Government and HSAs

by J. Kevin McKechnie, Executive Director & Founder, ABA HSA Council

Last time HSAs were updated by congress, Nickelback was still a cool band. The year was 2006 and no, there weren’t cars with tape decks in them anymore but you take the point – this product, creature of the tax code that it is, needs some improvements. And, only congress can do that. Congress is the reason reform takes so long; asking a 535-member board of directors to agree to a decision is to efficiency what Rube Goldberg is to engineering.

Reform, if it’s possible, needs to respond to the twin exigencies of customer demands and government prerogatives. With respect to the former, we saw legislation in the House last year that would have added, as qualified medical expenses, many of the things employers suggest are important to their workforce. Direct Primary Care, coordination with Medicare, and assistance with chronic disease management were all improvements that should be considered qualified medical expenses, if the employer chooses to cover them, which is to say, pay for them.

It would also be prudent, in our opinion, that if HSAs are to be eligible for a wider field of expenses, more money should be allowed to be contributed to the account. Expanded ability to save for retirement would also justify higher contribution limits and we were under the impression that such a suggestion would attract bi-partisan support – it did – simply because neither democrats or republicans are making the argument that social security and Medicare are suffering from too much funding.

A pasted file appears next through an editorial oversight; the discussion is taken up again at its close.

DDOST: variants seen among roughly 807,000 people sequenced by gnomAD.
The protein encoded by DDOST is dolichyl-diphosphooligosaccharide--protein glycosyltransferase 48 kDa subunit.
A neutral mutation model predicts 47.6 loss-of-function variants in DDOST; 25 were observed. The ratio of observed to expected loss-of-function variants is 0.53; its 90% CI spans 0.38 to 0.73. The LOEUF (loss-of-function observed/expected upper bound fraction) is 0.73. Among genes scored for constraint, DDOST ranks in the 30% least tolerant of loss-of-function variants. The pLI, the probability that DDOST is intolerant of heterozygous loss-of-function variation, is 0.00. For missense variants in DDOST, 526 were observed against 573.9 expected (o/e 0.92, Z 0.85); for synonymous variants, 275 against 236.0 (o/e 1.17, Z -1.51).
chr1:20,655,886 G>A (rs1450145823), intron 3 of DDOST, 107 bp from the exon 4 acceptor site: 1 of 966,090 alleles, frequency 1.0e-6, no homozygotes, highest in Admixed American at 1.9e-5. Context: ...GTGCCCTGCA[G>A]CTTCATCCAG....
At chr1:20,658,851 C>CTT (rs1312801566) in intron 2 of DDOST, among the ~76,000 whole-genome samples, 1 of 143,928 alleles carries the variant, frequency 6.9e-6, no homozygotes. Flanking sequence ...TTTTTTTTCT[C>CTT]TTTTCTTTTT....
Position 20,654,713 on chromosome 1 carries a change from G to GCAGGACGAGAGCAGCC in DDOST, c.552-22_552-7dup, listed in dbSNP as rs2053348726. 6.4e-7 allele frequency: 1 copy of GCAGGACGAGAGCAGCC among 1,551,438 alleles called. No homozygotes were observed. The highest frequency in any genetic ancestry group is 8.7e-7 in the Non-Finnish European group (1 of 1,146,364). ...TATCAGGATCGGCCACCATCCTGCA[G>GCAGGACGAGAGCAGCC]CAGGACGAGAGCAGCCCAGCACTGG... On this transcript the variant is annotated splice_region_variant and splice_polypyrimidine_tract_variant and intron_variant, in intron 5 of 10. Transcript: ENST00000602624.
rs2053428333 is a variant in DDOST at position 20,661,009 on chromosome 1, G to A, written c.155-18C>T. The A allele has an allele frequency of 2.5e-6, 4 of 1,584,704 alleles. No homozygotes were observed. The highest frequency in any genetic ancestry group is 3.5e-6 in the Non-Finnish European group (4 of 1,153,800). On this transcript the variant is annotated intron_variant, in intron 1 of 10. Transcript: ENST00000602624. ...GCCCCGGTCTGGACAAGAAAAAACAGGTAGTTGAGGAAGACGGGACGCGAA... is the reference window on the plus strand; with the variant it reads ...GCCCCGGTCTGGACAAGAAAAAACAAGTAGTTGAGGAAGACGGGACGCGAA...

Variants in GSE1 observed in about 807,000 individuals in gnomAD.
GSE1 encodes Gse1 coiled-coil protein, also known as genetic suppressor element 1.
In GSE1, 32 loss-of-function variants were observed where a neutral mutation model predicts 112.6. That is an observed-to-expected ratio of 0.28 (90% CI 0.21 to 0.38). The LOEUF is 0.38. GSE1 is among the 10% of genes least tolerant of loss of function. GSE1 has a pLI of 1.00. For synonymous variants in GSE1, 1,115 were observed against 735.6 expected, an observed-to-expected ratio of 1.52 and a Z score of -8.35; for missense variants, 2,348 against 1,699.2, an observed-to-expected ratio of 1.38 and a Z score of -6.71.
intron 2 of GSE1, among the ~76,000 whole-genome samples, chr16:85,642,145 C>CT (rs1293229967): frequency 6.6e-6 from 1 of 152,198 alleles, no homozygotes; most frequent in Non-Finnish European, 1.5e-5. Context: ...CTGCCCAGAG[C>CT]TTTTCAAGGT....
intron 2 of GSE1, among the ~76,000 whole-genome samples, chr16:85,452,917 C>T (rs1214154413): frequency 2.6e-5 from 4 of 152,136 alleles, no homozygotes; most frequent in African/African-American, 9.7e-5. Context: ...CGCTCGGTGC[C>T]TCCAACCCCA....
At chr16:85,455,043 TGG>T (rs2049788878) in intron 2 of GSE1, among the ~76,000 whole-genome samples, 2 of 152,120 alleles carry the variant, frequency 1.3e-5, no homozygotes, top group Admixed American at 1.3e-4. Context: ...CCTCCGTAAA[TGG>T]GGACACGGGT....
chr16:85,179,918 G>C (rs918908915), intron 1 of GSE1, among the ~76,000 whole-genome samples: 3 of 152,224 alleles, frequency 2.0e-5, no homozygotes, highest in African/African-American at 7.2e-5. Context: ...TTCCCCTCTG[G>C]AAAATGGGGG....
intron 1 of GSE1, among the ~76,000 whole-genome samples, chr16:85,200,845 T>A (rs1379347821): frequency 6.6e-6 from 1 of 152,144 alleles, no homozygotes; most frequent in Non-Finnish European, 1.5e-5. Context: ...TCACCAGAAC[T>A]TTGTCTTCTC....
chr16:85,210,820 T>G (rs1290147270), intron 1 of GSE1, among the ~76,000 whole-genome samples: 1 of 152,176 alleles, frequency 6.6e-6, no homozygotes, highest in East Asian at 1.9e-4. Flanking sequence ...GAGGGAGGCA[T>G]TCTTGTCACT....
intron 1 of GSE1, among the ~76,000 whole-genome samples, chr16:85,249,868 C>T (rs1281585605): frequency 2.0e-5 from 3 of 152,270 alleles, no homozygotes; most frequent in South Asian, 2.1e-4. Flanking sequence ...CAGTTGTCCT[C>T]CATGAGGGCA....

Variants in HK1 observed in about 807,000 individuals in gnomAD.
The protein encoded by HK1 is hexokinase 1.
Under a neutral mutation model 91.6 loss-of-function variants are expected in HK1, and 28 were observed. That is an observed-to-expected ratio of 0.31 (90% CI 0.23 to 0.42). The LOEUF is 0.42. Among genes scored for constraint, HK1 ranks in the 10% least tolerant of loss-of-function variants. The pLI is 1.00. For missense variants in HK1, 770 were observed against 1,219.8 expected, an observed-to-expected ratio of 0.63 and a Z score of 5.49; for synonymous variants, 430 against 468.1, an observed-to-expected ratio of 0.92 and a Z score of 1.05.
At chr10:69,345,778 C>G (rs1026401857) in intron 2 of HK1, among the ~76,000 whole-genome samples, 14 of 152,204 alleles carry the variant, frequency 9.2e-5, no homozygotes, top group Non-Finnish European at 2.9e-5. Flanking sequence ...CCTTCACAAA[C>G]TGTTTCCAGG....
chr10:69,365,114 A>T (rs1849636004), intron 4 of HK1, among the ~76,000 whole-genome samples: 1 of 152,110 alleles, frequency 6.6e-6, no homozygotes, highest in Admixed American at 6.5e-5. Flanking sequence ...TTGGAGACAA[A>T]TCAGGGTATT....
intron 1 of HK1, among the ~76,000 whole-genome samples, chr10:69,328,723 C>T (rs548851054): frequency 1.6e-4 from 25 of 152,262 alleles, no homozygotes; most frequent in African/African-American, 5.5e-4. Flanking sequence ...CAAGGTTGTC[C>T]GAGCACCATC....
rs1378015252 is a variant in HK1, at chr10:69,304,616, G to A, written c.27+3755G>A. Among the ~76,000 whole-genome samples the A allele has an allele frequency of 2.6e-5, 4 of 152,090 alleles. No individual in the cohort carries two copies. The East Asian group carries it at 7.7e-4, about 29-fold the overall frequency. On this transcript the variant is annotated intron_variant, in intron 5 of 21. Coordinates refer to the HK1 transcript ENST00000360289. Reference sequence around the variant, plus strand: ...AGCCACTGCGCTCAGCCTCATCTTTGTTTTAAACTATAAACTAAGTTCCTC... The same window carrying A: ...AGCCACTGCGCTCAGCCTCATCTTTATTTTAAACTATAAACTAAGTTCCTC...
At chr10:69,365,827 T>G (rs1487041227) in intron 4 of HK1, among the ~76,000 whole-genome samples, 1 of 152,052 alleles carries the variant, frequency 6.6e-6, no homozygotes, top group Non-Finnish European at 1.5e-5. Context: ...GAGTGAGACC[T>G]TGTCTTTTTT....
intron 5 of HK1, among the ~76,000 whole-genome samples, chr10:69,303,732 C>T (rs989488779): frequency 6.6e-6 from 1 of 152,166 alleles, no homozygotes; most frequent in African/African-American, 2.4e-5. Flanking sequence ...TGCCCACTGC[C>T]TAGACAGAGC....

With respect to the latter, how can HSAs help government, there are few ideas with greater budgetary and social impacts than allowing Medicare enrollees to keep their HSAs. People are living longer; it costs more to pay for the things Medicare doesn’t in retirement. You wouldn’t know it to listen to congress but a solvency crisis in Medicare is coming just ten years from now. We can make the crisis less acute if a growing proportion of the population gets to the gates of Medicare with cash in an HSA.

We also see no reason to stop there: why shouldn’t veterans be able to receive their VA and TRICARE benefits in HSA form? For that matter, every government program should offer an account-based component, of which HSAs are the most versatile and valuable.

The member companies of the HSA Council – banks, insurers, TPAs and technology companies – are keen to make the case that before we can offload the entirety of our healthcare system to government control, we should explore the ability of individual account holders to stabilize costs and discover pricing efficiencies that only emerge through market dynamics. Consumers have been excluded enough in our current system; it will be worse when only the government has all the answers.